Organize your refrigerator for maximum freshness
FROM CONSUMER REPORTS(R) By the editors of Consumer Reports
After schlepping to the supermarket and back, you might be tempted to unload your haul as quickly as possible so that you can kick back and relax — or at least move on to other household chores. But carefully stocking your fridge will help cut down on food waste, not to mention the risk of foodborne illness.
Smart food storage takes into account the fact that climate conditions vary throughout a refrigerator. Consumer Reports offers this step-by-step guide to organizing your refrigerator.
Step One: The Door
In Consumer Reports’ temperature performance tests, which occur in climate-controlled chambers where testers crank the heat up to 110 degrees Fahrenheit, temperatures on the door climb a couple degrees higher than the main compartment. That’s too warm for milk and eggs, despite the fact that many refrigerators have gallon-size door bins and egg-shaped compartments that seem like ideal places for these items.
Instead, reserve the door for items that can handle warmer conditions, including butter, condiments, juice, cooking oils, soda and water.
Step Two: The Meat/deli Bin
This storage option is most common on French-door bottom-freezers, where it typically sits beneath the crisper drawers. It’s a helpful feature, especially if the temperature can be adjusted to best accommodate a range of foods — cooler for cured meats, for example, and warmer for a platter of hors d’oeuvres. Items that belong in the bin include bacon, cheeses, deli meats and hot dogs.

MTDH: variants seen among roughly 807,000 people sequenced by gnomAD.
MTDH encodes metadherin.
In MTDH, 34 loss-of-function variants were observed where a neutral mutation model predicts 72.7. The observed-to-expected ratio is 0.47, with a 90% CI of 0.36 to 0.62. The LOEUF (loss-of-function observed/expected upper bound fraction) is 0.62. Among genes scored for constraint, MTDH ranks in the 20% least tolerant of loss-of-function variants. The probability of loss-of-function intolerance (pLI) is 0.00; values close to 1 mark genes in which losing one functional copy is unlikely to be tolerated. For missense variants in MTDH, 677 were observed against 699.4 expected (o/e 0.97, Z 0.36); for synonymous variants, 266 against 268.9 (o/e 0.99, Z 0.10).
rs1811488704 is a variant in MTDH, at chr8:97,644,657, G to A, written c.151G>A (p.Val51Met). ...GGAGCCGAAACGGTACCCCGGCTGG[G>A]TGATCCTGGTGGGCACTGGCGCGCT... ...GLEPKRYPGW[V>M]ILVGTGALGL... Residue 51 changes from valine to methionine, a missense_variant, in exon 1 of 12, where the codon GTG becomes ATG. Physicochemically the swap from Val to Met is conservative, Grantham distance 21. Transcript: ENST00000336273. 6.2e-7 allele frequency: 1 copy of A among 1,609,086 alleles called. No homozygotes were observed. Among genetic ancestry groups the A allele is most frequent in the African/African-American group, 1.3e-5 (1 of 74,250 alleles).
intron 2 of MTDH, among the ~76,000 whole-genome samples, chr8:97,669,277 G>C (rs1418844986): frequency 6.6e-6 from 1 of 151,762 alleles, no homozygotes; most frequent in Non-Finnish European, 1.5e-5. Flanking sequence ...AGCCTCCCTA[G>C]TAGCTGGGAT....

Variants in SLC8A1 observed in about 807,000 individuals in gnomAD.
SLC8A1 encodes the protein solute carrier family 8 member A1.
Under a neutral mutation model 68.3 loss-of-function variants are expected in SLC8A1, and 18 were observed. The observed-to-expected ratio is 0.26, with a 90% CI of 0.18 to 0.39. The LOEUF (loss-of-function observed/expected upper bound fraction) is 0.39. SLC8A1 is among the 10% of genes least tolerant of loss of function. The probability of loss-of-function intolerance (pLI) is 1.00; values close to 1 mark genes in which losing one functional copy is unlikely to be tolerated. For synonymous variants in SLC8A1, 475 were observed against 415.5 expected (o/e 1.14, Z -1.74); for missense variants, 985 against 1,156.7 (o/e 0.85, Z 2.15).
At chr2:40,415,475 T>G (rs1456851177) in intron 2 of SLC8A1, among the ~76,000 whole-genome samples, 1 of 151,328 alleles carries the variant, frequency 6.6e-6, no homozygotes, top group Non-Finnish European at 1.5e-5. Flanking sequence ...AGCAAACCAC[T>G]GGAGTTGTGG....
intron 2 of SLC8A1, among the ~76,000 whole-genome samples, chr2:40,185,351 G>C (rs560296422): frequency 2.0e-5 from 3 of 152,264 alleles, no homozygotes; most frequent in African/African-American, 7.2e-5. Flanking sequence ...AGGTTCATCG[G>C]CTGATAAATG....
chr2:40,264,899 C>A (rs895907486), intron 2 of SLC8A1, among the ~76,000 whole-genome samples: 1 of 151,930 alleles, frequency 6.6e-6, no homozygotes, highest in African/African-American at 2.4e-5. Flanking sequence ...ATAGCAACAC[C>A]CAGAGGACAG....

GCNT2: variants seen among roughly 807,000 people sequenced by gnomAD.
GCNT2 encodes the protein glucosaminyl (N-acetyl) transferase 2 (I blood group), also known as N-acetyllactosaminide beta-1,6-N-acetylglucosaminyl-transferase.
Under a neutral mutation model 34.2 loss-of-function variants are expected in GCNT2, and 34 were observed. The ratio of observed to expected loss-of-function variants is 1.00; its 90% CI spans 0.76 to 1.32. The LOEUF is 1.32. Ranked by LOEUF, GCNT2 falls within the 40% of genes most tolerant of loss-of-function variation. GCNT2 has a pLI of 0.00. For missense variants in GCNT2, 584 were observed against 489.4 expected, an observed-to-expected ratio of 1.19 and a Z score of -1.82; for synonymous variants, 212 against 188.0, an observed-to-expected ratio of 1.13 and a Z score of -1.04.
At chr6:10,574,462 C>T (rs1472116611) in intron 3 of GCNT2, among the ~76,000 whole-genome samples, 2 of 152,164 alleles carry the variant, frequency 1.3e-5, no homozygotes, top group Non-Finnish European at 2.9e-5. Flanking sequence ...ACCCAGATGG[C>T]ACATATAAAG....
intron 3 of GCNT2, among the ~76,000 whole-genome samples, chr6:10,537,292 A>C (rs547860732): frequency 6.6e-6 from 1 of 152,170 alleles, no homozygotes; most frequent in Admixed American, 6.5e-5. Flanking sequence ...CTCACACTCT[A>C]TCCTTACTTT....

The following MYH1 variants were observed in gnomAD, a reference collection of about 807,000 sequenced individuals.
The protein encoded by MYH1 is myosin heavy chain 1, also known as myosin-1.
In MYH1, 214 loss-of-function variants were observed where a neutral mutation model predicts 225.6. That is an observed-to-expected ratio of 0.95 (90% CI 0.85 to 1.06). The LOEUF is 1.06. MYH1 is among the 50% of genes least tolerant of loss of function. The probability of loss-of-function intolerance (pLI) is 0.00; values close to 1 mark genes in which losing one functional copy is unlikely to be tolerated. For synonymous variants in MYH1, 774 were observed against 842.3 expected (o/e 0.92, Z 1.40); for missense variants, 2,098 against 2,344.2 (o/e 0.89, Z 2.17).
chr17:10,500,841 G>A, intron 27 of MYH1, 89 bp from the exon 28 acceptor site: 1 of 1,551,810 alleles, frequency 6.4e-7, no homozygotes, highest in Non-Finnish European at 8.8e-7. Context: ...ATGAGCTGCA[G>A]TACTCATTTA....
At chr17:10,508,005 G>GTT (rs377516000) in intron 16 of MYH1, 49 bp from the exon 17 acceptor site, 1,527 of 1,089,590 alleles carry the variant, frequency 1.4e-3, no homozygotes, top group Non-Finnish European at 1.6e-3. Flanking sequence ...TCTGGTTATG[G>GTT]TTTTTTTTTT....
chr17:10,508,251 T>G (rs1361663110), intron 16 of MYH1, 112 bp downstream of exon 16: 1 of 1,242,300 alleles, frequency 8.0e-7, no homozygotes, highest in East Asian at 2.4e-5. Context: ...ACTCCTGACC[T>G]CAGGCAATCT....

Step Three: The Crisper Drawers
Crisper drawers are designed for produce. On many refrigerators, the humidity can be adjusted from high, ideal for most wilting vegetables, to low, best for a lot of fruits, plus some vegetables with thin skins that like the air a bit dryer.
In the low-humidity drawer, store apples; avocados (once ripe); grapes; mushrooms; ripened peaches, pears and plums; peppers; ripened melon; and summer squash.
In the high-humidity drawer, store broccoli, carrots, cauliflower, green onions and leafy greens.
Step Four: The Lower
The lower shelf, usually located in the middle of the fridge, tends to be the coldest part of the refrigerator. This makes it ideal for storage of items that are more susceptible to developing harmful bacteria, including eggs (in their original carton), milk and raw fish, meat and poultry (on trays to catch drippings so as not to contaminate other foods).
Step Five: The Upper Shelf
The upper shelves, conversely, are the warmest part, with temperatures often reaching up around 40 degrees. That’s too warm for milk and eggs, though yogurt is OK because it’s fermented. On the top shelf, store jam and jelly, leftovers, peanut butter, yogurt, and snacks like hummus and fruit cups.
Refrigerator No-nos Shelf
Knowing what goes where in the fridge can prevent spoiling, Consumer Reports notes. You also need to know which foods don’t belong in the fridge in the first place. That list includes bananas; bread (freezer is OK); coffee; garlic; onions (keep away from potatoes); potatoes (keep away from onions); and tomatoes.
To learn more, visit Consumerreports.org.